Al Qal'a of Beni Hammad
The Al Qal'a of Beni Hammad comprises the remains of the first capital of the Hammadid empire.
The Qal'a (Fortress) is located in a mountainous setting at more than 1,000m altitude. In the 11th century, a prosperous Islamic town developed here. Surrounded by walls, it includes residential complexes, a large mosque, and the emir's palace surrounded by gardens and pavilions. Its design later influenced Arab architecture as can be seen in the Maghreb, Andalusia and Sicily.
Community Perspective: worth the long detour for the surrounding landscape and the 25m tall minaret that is its most striking highlight.
Map of Al Qal'a of Beni HammadLoad map
Quite a ride to get there, being the most remote site in terms of access from any nearby town with an airport. From Algiers it takes 3 hours and even from Setif still 2h for just 100km. Reason being bad traffic, speed bumps, fog even, twisted roads as you get closer and the good old truck that likes to go 20km on single lanes.
So you get there and can make out the minaret of what used to be a very large mosque. The mosque only has a few groundstones left, and the lake palace beyond also just shows some walls. Overall that is too little in my opinion, it's pretty much gone. A French-speaking gentleman pointed out some other sites as we were on top of the minaret. This is not an easy climb. The last bit requires crouching while climbing outside, and as you can see from the picture there are no guardrails and it's quite small so not for the faint of heart.
There is small entrance fee but you could potentially just see everything from the fence. During my visit I was also asked to provide proof of covid vaccination which seems rather silly for the small site where nobody followed social distancing and you'd think the small village enjoys any little income from ticket sales. As I didn't understand the Arabic sign the guard wanted to let me through anyway but at the last second Google translation did its job and I understood and cleared it all up.
While I can't recommend the site I think any Algeria itinerary should include it to see every aspect of the country. I have seen mini buses on the way but I think it's a giant hassle in this area and highly recommend going by car.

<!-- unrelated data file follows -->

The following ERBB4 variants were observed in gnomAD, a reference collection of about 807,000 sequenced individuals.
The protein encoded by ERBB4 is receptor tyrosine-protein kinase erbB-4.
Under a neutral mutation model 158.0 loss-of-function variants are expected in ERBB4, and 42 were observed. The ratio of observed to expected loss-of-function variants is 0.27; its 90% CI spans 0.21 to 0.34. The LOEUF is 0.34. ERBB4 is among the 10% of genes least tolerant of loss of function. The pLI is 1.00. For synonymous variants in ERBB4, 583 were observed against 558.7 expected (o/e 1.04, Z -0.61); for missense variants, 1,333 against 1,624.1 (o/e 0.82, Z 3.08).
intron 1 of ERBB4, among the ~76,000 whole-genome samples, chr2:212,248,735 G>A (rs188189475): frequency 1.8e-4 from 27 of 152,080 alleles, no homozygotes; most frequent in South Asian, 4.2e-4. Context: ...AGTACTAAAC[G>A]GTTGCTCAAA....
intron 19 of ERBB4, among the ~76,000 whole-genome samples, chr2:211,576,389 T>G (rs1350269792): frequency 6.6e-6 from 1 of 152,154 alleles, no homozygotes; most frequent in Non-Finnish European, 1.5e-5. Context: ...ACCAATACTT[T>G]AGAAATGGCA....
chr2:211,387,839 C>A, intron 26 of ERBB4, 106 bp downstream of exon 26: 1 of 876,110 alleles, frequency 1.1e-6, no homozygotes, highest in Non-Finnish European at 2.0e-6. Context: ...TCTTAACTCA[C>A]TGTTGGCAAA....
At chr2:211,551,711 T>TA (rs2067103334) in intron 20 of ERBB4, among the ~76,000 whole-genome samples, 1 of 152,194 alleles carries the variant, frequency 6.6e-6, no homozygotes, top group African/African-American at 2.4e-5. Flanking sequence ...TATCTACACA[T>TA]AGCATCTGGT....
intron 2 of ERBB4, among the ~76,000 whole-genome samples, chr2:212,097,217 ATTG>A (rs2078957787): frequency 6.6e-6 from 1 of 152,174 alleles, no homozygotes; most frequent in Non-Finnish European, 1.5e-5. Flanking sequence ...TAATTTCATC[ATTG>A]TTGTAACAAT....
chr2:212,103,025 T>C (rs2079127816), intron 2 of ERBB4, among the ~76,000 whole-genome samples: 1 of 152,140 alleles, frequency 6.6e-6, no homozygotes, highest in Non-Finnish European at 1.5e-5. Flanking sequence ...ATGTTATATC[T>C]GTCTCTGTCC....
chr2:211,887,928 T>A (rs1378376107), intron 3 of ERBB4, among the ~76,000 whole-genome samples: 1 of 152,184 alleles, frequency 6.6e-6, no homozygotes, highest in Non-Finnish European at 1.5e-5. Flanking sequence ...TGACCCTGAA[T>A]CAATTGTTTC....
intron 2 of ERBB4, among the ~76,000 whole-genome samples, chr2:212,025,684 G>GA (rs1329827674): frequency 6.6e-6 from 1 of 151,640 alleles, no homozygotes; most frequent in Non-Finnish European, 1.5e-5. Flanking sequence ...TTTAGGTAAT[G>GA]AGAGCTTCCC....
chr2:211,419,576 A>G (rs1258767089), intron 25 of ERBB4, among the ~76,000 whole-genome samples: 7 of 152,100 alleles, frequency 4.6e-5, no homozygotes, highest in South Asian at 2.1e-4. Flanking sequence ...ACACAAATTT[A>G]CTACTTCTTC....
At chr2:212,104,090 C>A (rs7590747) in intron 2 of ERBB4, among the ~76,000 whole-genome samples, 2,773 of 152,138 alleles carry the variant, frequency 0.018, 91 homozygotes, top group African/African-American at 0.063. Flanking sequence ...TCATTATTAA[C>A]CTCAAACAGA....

I was here in November 1991 at the time of the first rumblings of the bloody civil strife which has rendered much of Algeria an unsafe destination since then. I had the place to myself,although someone calling himself 'le gardien' showed up after about an hour to collect an entrance fee.
The site lies in an impressive landscape of nearly bare hills and contains the extensive remains of a briefly flourishing city of the 11th century. Most striking perhaps is the 25m(?) tall minaret built of rough hewn sandstone blocks and still with traces of it's blue ceramic tile decoration in place. In addition to the mosque there are remains of a palace including a bath, a fort and much more.
I declined an invitation to stay in the nearby village which decision I came to bitterly regret after a night in a vile hotel in M'sila
The site is not difficult to reach though it may be necessary to hitch-hike the last few kms. from the N40 to Beni Hammad and in happier times I would recommend a trip there to anyone wishing to see something representative of Islamic culture after the several Roman sites in Algeria.
The advantage in Algeria is that almost all hotels and guesthouses have French TV channels, especially appreciated in remote towns like Ms'ila that I reached in a 3 hours ride with a Tintin like shared taxi from Batna, my backpack securely attached on the roof of the cab. The restaurant manager of Kal'aa Hotel offered his services to drive me to the Beni Hammad ruins, about 80km return, towards the Hodna mountains and passing some typical villages that for sure have not seen many tourists yet. The site itself consists of the Dar al Bahar, the great lake palace with its own pool; the great mosque with minaret that I climbed to the very top with a spectacular view. I was told that the old city of Beni Hammad was surrounded by huge entry gates in 3 directions to prevent ennemy forces from entering. That was in the 11th century under the berbic Zirid dynasty which ruled parts of the Maghreb from 973 to 1148.
The whole site is nothing spectacular compared with other WHS in Algeria, but is well worth a detour if you are in the region, also because of the quite pittoresque landscape.
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